Thursday, September 25, 2014


The beautiful flowers of Stiff Aster, Ionactis linariifolius, are sure to grab the eye. You won't see this one any old place - in Ohio, it is confined to a handful of the southernmost counties. This specimen was photographed in Shawnee State Forest, Scioto County.

I've been far and wide in the week past, all the way from Cleveland, to Youngstown, to the Ohio River. Robust travels and other obligations have kept me from the blog, at least to the extent that I normally contribute. There have been some very cool experiences, with some very cool people, and I hope to share some of those tales eventually. You can believe there are photos of everything.

But for now, I must make do with quickly captioned snapshots of a few items of natural history.

A young Black Kingsnake, Lampropeltis getulis, coils before the camera.The animal was in a riparian woodland along Scioto Brush Creek in Scioto County. For as fierce as these snakes are - they routinely prey on other snakes, including venomous copperheads - they are marshmallows when encountered by people. I temporarily detained the animal, and following a quick and utterly painless nip on my thumb - can't blame the snake, I asked for it! - it settled right down.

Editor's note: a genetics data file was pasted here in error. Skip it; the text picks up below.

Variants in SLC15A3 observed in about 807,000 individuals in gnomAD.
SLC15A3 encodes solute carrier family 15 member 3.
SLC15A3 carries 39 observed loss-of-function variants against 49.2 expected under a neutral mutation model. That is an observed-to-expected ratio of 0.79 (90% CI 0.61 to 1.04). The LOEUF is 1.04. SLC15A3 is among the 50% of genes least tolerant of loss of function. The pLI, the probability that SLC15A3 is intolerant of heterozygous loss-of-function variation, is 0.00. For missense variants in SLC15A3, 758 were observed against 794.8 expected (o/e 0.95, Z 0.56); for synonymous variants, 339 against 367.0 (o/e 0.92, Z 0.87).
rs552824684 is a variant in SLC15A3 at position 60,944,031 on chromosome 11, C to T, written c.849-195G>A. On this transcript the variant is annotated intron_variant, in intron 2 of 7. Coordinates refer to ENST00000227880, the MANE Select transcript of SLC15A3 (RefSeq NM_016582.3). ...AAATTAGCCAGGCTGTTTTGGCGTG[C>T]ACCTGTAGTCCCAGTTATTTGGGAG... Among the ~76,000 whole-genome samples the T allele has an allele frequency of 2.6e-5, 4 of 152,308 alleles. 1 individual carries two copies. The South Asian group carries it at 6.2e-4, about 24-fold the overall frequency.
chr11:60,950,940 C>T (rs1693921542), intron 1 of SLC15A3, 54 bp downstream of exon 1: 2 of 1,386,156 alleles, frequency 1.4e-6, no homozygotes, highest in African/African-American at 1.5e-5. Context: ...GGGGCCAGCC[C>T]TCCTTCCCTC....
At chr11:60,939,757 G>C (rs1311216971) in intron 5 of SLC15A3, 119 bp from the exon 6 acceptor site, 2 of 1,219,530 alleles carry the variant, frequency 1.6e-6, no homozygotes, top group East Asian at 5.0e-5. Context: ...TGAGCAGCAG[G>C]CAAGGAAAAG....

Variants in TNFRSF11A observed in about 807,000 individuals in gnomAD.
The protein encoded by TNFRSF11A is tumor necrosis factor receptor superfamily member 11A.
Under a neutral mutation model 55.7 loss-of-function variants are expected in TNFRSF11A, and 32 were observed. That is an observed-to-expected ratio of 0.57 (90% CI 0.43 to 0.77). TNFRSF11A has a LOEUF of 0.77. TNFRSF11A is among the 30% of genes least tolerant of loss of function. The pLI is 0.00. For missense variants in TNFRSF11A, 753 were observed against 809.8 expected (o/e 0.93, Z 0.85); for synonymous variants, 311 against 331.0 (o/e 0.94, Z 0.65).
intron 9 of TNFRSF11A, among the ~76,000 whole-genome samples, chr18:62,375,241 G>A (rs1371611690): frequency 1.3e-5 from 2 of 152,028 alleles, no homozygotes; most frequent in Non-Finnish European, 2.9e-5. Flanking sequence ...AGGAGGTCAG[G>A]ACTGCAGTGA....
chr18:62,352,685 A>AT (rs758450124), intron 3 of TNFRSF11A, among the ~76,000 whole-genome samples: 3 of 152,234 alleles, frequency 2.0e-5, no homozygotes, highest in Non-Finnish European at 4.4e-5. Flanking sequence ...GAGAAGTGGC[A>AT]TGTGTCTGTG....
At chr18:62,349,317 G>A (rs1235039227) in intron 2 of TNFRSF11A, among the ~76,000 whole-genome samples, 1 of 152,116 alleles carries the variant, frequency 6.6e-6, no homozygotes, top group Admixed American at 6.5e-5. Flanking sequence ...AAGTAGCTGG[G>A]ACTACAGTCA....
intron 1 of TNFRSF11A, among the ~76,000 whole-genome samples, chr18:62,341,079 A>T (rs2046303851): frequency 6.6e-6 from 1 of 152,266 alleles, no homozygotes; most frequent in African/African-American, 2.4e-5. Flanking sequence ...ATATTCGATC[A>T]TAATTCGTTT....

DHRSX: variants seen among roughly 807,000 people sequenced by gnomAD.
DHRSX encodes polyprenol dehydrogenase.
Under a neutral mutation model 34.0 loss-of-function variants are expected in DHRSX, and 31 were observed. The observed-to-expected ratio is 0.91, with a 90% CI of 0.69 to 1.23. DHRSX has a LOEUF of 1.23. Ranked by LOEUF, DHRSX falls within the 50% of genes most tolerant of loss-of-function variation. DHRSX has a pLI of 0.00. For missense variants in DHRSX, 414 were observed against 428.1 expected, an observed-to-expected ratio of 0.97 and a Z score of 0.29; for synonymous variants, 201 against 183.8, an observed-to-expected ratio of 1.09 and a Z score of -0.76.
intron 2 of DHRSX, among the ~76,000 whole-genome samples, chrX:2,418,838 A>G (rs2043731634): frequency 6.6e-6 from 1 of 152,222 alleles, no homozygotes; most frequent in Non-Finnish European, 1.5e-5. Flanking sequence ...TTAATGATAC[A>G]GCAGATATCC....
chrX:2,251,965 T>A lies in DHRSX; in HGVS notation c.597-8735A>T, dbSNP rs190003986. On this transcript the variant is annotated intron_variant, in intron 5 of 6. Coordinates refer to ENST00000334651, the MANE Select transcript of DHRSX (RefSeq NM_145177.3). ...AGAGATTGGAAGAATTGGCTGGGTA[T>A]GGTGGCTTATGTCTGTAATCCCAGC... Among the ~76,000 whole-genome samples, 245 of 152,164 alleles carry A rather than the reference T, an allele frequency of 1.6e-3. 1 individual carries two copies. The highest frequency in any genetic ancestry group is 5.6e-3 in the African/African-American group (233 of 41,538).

Gorgeous and massive by damselfly standards, this Great Spreadwing, Archilestes grandis, dangles from a branch in a wet meadow near Cleveland. The animal attempted a few evasive maneuvers, but eventually settled in and allowed me near.

An oddity in a world of mega-oddities, this is a small caterpillar known as Nason's Slug, Natada nasoni. All of the slug moth caterpillars are ornate and interesting, but I find this species especially fetching. Its stinging spines - those tiny red fascicles - are retractable. When confronted with a potential peril the cat extends them, and woe to the predator that makes contact. A blistering sting will follow. Or so they say. I've never actually handled one, preferring to accept others' word on this one.

1 comment:

Gaia Gardener: said...

The Nason's slug cat is really interesting. I actually went to look up the adult - it's attractive, but subdued in coloration. The cat is much more eye-catching!

Love the little king snake....